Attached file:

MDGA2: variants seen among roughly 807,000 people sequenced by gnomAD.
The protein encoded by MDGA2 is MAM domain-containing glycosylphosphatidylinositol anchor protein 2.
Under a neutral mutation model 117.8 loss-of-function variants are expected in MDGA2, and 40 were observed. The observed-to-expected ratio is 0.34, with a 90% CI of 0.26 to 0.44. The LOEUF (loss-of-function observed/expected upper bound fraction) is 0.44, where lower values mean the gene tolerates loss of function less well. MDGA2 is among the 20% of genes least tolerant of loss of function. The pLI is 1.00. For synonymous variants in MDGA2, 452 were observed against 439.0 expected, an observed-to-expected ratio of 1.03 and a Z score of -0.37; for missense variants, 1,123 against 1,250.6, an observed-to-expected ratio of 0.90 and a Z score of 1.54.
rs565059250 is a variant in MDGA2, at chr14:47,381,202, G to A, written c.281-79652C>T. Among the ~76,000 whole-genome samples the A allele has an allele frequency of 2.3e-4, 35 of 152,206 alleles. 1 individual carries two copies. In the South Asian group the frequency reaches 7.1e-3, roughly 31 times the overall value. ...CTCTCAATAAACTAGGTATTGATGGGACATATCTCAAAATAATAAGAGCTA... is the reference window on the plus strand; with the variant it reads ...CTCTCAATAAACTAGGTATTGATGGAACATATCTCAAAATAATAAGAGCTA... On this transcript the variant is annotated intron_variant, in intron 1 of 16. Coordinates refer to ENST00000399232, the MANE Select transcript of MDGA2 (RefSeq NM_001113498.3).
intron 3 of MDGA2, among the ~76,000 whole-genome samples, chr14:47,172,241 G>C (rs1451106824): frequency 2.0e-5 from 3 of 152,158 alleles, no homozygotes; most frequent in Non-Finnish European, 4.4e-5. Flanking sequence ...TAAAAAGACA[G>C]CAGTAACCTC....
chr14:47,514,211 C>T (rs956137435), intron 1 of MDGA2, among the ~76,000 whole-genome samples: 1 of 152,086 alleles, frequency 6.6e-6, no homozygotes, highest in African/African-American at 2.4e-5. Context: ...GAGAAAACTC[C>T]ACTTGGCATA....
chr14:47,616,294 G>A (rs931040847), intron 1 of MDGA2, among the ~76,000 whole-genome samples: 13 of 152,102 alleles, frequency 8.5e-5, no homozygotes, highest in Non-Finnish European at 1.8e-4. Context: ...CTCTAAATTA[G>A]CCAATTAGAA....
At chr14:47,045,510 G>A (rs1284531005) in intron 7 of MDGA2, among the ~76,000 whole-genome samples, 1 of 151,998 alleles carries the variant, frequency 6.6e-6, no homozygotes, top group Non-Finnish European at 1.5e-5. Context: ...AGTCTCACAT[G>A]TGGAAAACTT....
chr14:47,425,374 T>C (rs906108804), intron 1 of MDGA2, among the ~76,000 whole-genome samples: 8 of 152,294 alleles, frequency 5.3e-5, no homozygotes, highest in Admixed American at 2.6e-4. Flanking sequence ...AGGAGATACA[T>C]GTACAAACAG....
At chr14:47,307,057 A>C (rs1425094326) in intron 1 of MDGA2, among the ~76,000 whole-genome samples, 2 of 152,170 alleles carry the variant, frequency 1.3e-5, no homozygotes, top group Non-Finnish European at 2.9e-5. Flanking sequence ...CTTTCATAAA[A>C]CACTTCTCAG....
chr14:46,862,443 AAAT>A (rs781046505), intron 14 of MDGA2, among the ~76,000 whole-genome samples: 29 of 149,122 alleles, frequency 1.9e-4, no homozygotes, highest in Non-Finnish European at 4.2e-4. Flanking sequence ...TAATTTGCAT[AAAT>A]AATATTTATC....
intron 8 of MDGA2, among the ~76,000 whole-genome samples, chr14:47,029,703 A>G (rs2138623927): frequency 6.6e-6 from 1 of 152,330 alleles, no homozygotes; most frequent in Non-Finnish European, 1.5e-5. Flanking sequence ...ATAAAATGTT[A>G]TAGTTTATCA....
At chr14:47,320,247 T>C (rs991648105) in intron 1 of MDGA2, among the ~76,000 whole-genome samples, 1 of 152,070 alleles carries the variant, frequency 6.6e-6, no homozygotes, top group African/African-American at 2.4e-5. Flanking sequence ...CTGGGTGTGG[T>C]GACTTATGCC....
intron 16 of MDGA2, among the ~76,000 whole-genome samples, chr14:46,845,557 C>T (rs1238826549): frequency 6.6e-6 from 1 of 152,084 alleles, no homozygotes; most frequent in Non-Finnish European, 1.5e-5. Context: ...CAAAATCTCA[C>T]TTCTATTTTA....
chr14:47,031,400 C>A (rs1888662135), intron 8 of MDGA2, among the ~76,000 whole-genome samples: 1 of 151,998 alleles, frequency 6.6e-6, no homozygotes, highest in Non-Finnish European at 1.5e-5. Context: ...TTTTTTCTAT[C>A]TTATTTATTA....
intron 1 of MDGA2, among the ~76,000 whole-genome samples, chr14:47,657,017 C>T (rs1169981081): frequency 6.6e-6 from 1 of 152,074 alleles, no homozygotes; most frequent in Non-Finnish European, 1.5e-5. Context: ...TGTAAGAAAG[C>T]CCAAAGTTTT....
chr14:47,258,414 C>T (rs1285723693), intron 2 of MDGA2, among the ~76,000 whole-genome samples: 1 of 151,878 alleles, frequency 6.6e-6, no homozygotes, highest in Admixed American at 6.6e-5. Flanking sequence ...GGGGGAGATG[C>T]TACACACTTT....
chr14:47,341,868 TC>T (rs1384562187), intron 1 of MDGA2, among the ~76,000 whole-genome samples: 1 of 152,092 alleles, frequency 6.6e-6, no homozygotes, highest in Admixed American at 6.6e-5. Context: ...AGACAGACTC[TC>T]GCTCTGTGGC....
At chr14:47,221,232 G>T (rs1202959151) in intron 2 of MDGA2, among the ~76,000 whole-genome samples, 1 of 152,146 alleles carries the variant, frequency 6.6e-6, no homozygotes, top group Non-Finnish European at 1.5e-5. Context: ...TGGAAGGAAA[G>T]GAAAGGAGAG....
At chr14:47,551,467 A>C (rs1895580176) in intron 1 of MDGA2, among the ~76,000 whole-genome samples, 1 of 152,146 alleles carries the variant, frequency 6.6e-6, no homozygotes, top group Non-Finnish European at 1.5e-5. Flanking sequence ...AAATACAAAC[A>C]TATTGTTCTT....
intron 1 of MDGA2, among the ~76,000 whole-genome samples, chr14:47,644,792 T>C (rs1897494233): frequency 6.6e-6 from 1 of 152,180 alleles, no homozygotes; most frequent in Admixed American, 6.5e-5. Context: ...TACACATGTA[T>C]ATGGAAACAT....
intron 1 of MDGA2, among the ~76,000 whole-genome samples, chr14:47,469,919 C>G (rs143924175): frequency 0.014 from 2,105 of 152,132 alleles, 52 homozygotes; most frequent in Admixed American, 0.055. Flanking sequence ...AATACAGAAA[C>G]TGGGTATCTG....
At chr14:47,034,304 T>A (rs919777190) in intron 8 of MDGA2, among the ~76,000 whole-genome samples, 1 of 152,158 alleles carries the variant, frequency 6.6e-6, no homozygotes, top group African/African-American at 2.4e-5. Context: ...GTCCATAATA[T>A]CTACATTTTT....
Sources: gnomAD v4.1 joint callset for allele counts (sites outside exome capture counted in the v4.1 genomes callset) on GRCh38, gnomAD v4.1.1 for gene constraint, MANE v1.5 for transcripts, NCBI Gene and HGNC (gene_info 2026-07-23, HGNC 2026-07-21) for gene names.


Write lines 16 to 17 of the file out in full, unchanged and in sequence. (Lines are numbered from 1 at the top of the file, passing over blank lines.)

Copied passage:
intron 1 of MDGA2, among the ~76,000 whole-genome samples, chr14:47,657,017 C>T (rs1169981081): frequency 6.6e-6 from 1 of 152,074 alleles, no homozygotes; most frequent in Non-Finnish European, 1.5e-5. Context: ...TGTAAGAAAG[C>T]CCAAAGTTTT....
chr14:47,258,414 C>T (rs1285723693), intron 2 of MDGA2, among the ~76,000 whole-genome samples: 1 of 151,878 alleles, frequency 6.6e-6, no homozygotes, highest in Admixed American at 6.6e-5. Flanking sequence ...GGGGGAGATG[C>T]TACACACTTT....